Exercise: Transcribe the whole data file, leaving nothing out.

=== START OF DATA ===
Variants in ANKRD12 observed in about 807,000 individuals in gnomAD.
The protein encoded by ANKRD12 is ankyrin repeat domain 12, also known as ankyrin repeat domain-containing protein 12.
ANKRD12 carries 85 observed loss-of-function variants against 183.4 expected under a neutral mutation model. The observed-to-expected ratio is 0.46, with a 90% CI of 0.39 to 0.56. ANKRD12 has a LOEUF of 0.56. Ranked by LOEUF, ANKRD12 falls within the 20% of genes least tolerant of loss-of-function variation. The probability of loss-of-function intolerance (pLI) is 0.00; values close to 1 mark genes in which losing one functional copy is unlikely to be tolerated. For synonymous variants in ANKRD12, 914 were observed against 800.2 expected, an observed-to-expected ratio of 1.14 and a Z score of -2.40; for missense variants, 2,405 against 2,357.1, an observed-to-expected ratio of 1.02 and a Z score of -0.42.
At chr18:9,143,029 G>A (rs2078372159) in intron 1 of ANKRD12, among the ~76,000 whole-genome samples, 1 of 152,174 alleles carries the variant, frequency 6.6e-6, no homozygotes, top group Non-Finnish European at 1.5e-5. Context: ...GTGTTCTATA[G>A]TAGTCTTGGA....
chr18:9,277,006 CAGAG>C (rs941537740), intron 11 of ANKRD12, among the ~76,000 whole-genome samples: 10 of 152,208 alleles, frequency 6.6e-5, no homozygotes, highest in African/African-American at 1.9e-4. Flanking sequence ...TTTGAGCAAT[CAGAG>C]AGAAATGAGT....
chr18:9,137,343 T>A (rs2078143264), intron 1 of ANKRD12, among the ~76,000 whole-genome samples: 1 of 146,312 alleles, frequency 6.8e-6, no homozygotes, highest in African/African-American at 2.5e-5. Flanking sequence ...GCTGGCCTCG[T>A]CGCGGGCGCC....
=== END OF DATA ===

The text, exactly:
Variants in ANKRD12 observed in about 807,000 individuals in gnomAD.
The protein encoded by ANKRD12 is ankyrin repeat domain 12, also known as ankyrin repeat domain-containing protein 12.
ANKRD12 carries 85 observed loss-of-function variants against 183.4 expected under a neutral mutation model. The observed-to-expected ratio is 0.46, with a 90% CI of 0.39 to 0.56. ANKRD12 has a LOEUF of 0.56. Ranked by LOEUF, ANKRD12 falls within the 20% of genes least tolerant of loss-of-function variation. The probability of loss-of-function intolerance (pLI) is 0.00; values close to 1 mark genes in which losing one functional copy is unlikely to be tolerated. For synonymous variants in ANKRD12, 914 were observed against 800.2 expected, an observed-to-expected ratio of 1.14 and a Z score of -2.40; for missense variants, 2,405 against 2,357.1, an observed-to-expected ratio of 1.02 and a Z score of -0.42.
At chr18:9,143,029 G>A (rs2078372159) in intron 1 of ANKRD12, among the ~76,000 whole-genome samples, 1 of 152,174 alleles carries the variant, frequency 6.6e-6, no homozygotes, top group Non-Finnish European at 1.5e-5. Context: ...GTGTTCTATA[G>A]TAGTCTTGGA....
chr18:9,277,006 CAGAG>C (rs941537740), intron 11 of ANKRD12, among the ~76,000 whole-genome samples: 10 of 152,208 alleles, frequency 6.6e-5, no homozygotes, highest in African/African-American at 1.9e-4. Flanking sequence ...TTTGAGCAAT[CAGAG>C]AGAAATGAGT....
chr18:9,137,343 T>A (rs2078143264), intron 1 of ANKRD12, among the ~76,000 whole-genome samples: 1 of 146,312 alleles, frequency 6.8e-6, no homozygotes, highest in African/African-American at 2.5e-5. Flanking sequence ...GCTGGCCTCG[T>A]CGCGGGCGCC....